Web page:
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Sprains and Strains

A sprain is an injury to a ligament, the fibrous connective tissue that connects one end of a bone to another. Ligaments stabilize and support the joints in the body, but do not have contractile tissue like muscle.

A strain is an injury to a muscle, the tissue that makes bones move, or a tendon, the tissue at either end of a muscle that attaches to bone.

When a ligament, muscle or tendon is injured the fibers of the structure actually tear. You can think of these structures like a rope. A rope is made of individual strands. If these strands tear, the rope is weakened. When you sprain a ligament or strain a muscle/tendon you are actually tearing fibers of the structure. The degree of injury is graded on a scale of I to III. A grade I sprain or strain means that you have torn some of the fibers. You will have some pain and swelling, but you can probably move the joint or muscle. A grade I sprain or strain means that you have torn a significant number of fibers. You will definitely have pain and swelling and may only be able to move the joint or muscle slightly. A grade III sprain or strain means that you have torn all or almost all of the fibers. This one really hurts and you will not be able to move the joint or muscle.

Sprains and strains can have many causes. Trauma (slip, fall, collision) is the usual cause opf acute injury. Landing on another person's foot when playing basketball, sliding into a base, landing on an outstretched arm can all cause these injuries. Inadequate warm-up, poor overall conditioning, improper equipment, dehydration, poor strength and flexibility, overuse and lack of rest can all predispose a person to sprains and strains. Age is certainly a factor because as you get older you will lose strength and flexibility IF you do not workout regularly. You also need more time to warm-up, rest and recover as you age. Women are more predisposed to sprains of the knee (ACL -anterior cruciate ligament) than men (for more information read ACL Injuries in Female Athletes). Children can injure themselves more easily because of lack of strength and overuse. All sports have the potential to cause sprains and strains.

When To See a Doctor for a Sprain

  1. You have severe pain and cannot put any weight on the injured joint.
  2. The injured area looks crooked or has lumps and bumps (other than swelling) that you do not see on the uninjured joint.
  3. You cannot move the injured joint.
  4. You cannot walk more than four steps without significant pain.
  5. Your limb buckles or gives way when you try to use the joint.
  6. You have numbness in any part of the injured area.
  7. You see redness or red streaks spreading out from the injury.
  8. You injure an area that has been injured several times before.
  9. You have pain, swelling, or redness over a bony part of your foot.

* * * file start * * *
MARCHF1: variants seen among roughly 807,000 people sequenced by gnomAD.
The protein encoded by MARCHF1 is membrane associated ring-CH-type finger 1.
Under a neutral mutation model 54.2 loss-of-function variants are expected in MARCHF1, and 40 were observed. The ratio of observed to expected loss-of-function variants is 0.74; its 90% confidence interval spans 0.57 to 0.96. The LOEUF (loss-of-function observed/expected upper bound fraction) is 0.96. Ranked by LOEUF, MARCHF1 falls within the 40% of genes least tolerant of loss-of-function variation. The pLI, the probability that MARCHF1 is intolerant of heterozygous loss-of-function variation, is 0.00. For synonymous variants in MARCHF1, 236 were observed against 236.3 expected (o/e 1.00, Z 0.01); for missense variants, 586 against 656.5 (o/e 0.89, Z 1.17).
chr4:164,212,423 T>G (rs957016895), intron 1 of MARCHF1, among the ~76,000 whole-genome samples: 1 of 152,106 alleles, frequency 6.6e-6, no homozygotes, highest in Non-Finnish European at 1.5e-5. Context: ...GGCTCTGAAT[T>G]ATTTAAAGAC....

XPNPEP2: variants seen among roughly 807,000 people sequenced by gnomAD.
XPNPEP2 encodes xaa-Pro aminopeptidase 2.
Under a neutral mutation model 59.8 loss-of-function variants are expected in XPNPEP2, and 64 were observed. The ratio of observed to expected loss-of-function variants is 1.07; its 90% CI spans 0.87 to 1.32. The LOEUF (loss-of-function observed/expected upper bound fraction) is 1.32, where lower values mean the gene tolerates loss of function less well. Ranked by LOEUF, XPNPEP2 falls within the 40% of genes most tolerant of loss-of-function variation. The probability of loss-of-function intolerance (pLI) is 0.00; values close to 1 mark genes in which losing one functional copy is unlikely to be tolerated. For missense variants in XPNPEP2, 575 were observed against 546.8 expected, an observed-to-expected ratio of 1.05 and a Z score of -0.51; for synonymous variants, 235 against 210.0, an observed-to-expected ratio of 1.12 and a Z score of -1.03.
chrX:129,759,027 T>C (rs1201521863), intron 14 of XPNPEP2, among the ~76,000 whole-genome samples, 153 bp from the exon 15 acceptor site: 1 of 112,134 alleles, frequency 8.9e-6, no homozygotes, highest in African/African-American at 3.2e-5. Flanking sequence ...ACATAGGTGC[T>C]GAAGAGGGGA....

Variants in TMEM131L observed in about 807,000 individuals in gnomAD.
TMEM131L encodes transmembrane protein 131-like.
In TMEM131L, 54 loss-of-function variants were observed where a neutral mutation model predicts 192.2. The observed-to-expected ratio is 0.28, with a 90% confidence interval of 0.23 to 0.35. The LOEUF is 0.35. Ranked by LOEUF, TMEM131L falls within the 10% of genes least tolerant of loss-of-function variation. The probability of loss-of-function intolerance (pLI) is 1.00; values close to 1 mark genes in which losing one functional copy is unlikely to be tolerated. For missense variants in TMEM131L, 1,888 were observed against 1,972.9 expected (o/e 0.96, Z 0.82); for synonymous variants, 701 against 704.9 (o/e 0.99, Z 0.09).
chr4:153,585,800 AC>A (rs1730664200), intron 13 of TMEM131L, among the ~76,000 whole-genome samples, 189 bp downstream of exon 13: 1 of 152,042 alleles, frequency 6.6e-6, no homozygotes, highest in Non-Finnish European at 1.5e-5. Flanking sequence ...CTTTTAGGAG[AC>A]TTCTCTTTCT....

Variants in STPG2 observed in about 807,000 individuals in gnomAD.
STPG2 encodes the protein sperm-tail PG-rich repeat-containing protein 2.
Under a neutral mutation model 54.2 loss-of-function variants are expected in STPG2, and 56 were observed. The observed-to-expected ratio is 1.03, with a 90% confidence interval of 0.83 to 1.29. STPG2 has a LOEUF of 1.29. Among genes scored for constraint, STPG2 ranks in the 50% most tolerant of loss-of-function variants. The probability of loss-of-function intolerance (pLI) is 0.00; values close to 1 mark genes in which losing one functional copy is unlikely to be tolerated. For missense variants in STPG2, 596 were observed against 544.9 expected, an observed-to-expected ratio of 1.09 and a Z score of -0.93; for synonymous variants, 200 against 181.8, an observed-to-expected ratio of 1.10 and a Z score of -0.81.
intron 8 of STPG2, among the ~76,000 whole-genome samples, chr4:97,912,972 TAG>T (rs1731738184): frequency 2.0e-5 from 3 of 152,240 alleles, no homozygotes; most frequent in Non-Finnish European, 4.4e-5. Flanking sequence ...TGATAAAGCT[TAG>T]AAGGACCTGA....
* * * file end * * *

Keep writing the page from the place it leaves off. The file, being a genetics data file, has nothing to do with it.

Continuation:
10. You are in doubt about the seriousness of the injury or how to care for it."
    From Questions and Answers About Sprains and Strains

Treatment of sprains and strains begins with RICE: Rest, Ice, Compression and Elevation. Stop the activity immediately is you have any pain in a joint or muscle. Ice the area for 15 minutes every two hours even if you do not see immediate swelling. Mild compression a elevation of the injured area can relieve swelling. If you hear a loud "pop" and have immediate pain and swelling you need medical treatment immediately. You may need an X-ray to rule out a fractured bone. Otherwise, how you feel the morning after the injury will help indicate how severe the injury is. If the area hurts, is bruised, is swollen you need medical attention. You may need to immobilize the area with a brace briefly (a day or two) to let the area begin to heal. Taking an anti-inflammatory medication may be necessary to help decrease the inflammation and pain.

Two wonderful treatments for sprains and strains are called Active Release Techniques® and Graston Technique. Both of these treatments will help treat the result of either a sprain or strain which is scar tissue (adhesions). When the ligament, muscle or tendon tears, the body heals by laying down scar tissue in the injured area. This scar tissue must be broken up to restore the tissue's strength and elasticity. Both treatments can accomplish the breaking up of the scar tissue. Once this is done, proper strengthening, stretching and balance exercises must be done to restore strength, flexibility and proprioception (joint position sense). Proprioceptive exercise is often forgotten and is a major cause of reinjury. It is the brain and nervous system that send signals to the muscles that tell them to contract. When you walk on uneven terrain you don't have consciously think "foot- move up, move down, move left, move right." You automatically do it. That is proprioception. When you are injured you lose this ability somewhat. The good news is that it can be retrained easily by doing balance type exercises.

The most important thing to remember when getting ready for playing sports or physical activities is that you must get in shape to play a sport, not try to play the sport to get in shape. Professional and Olympic athletes get in shape to play there sports and you must do the same. This includes learning proper warm-up and cool down techniques, proper strength and flexibility training and nutrition.